This is a fine collection of essays that contributes to the growing field of collective epistemology. Roughly, collective epistemology refers to the study of the epistemological properties of groups and the significance of group knowledge production and acquisition. It deals with questions like the following: Are groups knowers? Do they have beliefs? How are group beliefs justified? Can groups be testifiers? Can we rely on the testimony of groups? Can we attribute epistemic responsibility to groups? Can groups have epistemic virtues?
Jennifer Lackey's volume is the third on this topic to appear in recent years. Kay Mathiesen's special issue of the journal Social Epistemology (volume 21,3) on collective knowers and collective knowledge appeared in 2007. Collective Epistemology edited by Hans Bernhard Schmid, Daniel Sirtes, and Marcel Weber was published in 2011. A fourth collection edited by Michael Brady and Miranda Fricker entitled the The Epistemic Lives of Groups (Oxford University Press) is forthcoming. The topic is hot and bound to become hotter now that "mainstream" epistemologists have turned their attention to it.
The origins of collective epistemology in its current manifestation can be found in the work of Margaret Gilbert and others working on group belief. Deborah Tollefsen's "Challenging Epistemic Individualism" published in 2002, Gilbert's 2004 article "Collective Epistemology" and Raimo Tuomela's "Group Knowledge Analyzed" draw out the epistemological consequences of theories of group belief. An even earlier discussion of the epistemological consequences of group belief can be found in Frederick Schmitt's 1994 article "The Justification of Group Belief" in Socializing Epistemology, a volume he also edited.
Lackey's book has four parts. Part one contains articles that relate to what Lackey describes as debates between summativists and non-summativists. Part two, "General Epistemic Concepts in the Collective Domain," contains articles that explore concepts such as epistemic virtue, rationality, and disagreement at the collective level. Part three is on "Individual and Collective Epistemology." The final section, "Collective Entities and Formal Epistemology," focuses on issues in formal epistemology, specifically issues surrounding belief aggregation.
In "Social Process Reliabilism: Solving Justification Problems in Collective Epistemology" Alvin Goldman offers an account of the justification of group beliefs. Goldman discusses Christian List and Philip Pettit's account of group belief. For List and Pettit group beliefs are the result of decision making processes that take individual votes or attitudes as an input and issue the group belief as an output. Goldman calls the function that takes individual attitudes as inputs and yields collective beliefs as output a belief aggregation function (BAF). He then proposes a way of aggregating the justification of group belief. He calls this a justification aggregation function (JAF). According to Goldman, the greater proportion of members who are justified in believing that p and the smaller the proportion of members who are justified in rejecting that p, the greater the justification of the group belief that p. The most important and, to my mind, exciting aspect of Goldman's article is that he has finally moved beyond traditional process reliabilism, which insists that "all belief-forming processes take place entirely within the head of an individual agent" (p. 23). Goldman now accepts that, at least in collective contexts, belief-forming processes extend across "agential gaps" along the lines suggested by Sanford Goldberg (2010) for the case of testimony.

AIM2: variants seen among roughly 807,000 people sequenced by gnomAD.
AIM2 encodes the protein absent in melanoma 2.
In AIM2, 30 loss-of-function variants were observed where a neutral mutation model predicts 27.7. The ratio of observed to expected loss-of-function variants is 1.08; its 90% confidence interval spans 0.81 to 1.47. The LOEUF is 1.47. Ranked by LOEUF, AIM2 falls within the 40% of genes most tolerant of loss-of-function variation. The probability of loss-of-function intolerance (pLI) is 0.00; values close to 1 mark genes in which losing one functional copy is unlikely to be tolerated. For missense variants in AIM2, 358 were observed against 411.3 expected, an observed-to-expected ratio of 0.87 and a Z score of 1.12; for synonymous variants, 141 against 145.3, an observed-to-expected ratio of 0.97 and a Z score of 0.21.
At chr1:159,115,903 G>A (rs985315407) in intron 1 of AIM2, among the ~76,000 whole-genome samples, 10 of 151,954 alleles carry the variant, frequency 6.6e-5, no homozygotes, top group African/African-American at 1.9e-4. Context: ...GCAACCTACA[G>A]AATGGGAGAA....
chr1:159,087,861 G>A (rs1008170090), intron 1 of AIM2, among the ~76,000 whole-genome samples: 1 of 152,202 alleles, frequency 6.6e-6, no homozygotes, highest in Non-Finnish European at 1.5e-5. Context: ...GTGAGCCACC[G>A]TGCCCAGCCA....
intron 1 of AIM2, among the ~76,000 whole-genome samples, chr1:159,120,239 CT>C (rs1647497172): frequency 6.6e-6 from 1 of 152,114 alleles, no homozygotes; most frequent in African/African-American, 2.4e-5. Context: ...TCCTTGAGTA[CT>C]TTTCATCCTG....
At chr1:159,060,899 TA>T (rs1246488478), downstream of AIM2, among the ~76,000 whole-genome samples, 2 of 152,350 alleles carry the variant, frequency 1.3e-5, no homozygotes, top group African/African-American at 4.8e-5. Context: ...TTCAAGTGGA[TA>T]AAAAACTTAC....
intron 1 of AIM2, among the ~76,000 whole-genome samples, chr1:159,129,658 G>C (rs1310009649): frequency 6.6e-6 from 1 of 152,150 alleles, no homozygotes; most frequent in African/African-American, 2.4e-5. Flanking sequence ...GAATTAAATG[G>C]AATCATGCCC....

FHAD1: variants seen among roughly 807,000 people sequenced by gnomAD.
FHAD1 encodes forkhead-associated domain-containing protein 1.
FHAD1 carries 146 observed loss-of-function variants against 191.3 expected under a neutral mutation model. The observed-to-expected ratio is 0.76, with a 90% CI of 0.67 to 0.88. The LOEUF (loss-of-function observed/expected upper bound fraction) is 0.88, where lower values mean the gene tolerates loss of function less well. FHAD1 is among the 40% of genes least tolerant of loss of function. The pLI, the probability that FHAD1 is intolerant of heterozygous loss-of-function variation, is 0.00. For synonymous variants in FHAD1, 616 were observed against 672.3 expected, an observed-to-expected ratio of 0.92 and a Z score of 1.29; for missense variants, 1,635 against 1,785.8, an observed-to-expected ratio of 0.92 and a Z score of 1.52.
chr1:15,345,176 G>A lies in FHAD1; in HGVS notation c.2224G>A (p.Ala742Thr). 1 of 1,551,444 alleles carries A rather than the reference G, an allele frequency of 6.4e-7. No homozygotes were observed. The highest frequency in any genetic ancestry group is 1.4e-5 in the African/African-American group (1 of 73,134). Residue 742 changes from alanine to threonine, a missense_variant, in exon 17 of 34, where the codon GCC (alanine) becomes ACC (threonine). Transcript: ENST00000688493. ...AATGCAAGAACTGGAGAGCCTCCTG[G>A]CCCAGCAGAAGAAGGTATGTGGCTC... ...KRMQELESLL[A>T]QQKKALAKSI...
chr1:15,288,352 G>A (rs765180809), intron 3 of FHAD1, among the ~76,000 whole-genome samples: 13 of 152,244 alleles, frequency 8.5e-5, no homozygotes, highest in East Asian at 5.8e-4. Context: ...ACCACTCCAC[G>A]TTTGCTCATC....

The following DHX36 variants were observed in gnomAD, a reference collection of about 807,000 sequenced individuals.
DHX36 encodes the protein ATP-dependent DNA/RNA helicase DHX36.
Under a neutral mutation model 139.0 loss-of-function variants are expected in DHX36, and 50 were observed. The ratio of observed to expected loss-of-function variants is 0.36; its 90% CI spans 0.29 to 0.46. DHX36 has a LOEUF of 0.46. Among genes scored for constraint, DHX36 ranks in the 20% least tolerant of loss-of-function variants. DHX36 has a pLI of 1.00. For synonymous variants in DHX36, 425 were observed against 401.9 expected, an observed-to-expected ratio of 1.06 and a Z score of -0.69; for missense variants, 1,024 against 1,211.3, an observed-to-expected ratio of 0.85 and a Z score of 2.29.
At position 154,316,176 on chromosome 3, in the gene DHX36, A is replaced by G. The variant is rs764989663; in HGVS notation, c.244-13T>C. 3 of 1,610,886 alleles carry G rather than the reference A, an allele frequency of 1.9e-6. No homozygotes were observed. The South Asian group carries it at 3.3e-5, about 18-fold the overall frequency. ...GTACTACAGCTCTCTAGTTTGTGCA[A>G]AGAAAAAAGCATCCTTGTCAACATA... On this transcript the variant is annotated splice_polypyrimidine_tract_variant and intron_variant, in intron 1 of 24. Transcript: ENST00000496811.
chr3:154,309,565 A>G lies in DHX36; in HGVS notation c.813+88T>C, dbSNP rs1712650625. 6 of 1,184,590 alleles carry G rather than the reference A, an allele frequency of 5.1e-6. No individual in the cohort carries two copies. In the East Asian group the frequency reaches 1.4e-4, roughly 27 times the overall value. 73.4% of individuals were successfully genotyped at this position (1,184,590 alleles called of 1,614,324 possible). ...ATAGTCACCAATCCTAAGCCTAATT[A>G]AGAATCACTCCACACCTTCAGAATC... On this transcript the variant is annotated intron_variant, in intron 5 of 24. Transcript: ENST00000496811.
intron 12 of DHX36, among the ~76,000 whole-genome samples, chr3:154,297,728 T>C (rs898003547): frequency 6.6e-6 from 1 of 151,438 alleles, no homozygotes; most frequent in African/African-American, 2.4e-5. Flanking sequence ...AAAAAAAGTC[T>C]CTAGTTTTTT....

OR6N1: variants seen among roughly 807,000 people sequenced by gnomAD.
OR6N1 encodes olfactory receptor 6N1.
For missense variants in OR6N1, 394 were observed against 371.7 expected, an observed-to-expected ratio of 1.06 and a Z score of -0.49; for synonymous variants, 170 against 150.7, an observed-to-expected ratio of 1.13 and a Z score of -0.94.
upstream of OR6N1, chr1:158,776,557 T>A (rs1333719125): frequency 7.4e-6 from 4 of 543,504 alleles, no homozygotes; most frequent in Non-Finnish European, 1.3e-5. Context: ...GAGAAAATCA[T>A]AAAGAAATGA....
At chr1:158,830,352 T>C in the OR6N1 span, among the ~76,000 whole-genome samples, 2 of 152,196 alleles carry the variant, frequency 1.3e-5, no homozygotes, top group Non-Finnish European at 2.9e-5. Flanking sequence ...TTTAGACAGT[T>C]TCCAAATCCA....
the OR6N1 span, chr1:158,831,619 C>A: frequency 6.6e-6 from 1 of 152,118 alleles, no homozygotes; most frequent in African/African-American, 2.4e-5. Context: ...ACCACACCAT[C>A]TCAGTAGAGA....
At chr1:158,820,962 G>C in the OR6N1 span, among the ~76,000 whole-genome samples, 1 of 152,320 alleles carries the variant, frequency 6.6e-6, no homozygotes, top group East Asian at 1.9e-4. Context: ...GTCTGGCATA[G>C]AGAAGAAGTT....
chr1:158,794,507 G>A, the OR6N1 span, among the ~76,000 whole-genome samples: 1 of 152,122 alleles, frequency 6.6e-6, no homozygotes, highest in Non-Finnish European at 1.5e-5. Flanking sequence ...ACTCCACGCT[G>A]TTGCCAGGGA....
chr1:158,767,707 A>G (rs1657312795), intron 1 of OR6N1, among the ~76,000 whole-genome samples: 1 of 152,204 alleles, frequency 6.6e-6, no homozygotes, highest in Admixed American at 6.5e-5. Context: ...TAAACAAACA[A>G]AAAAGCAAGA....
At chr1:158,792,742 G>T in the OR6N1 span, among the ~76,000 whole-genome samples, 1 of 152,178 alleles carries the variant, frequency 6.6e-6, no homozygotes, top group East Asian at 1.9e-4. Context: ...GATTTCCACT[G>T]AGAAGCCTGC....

Alexander Bird argues that group epistemic agents exist, that they have beliefs and knowledge that is not reducible to the beliefs and knowledge of their members, and that we should see the wider scientific community as an epistemic agent. The argument seems to go something like this: there are two ways to understand group epistemic agency, the commitment model, which Bird argues can be found in the work of Gilbert, Tuomela, and Pettit and the distributive cognition model (exemplified by the work of Edwin Hutchins). The commitment model, according to Bird, requires that members of the group (or some relevant subset) jointly commit or agree to accept a certain proposition as the group belief. The distributive cognition model does not. Because the distributive cognition model can make sense of knowledge in scientific communities and the commitment model cannot, it is preferable. Bird spends a good bit of time trying to convince his reader that the scientific community is an agent to whom attributions of knowledge are appropriate. I'm not convinced he succeeds, but the question of how to understand attributions of knowledge to scientific communities is an important one.